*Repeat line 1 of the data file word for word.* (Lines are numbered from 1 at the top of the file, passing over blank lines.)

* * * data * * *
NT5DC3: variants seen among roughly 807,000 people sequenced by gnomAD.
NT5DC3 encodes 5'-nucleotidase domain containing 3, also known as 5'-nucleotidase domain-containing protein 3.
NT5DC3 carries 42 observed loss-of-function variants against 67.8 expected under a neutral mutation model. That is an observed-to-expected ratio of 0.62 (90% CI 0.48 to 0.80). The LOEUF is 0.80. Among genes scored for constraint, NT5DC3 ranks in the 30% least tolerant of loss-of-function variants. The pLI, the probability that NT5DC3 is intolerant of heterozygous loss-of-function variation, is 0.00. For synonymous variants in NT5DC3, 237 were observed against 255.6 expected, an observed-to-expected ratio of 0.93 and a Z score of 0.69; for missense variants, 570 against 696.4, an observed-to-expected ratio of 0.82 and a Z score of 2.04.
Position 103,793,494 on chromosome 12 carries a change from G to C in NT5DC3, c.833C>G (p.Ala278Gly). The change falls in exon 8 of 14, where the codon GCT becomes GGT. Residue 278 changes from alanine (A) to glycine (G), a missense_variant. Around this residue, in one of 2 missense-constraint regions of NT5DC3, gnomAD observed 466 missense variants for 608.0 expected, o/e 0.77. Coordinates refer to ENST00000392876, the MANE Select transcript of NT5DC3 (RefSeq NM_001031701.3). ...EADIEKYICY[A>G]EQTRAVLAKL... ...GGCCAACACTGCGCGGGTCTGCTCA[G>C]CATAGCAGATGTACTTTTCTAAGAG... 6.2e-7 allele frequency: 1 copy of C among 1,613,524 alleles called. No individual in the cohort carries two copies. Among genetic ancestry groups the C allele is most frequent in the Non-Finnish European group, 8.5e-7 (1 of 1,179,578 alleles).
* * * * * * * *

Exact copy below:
NT5DC3: variants seen among roughly 807,000 people sequenced by gnomAD.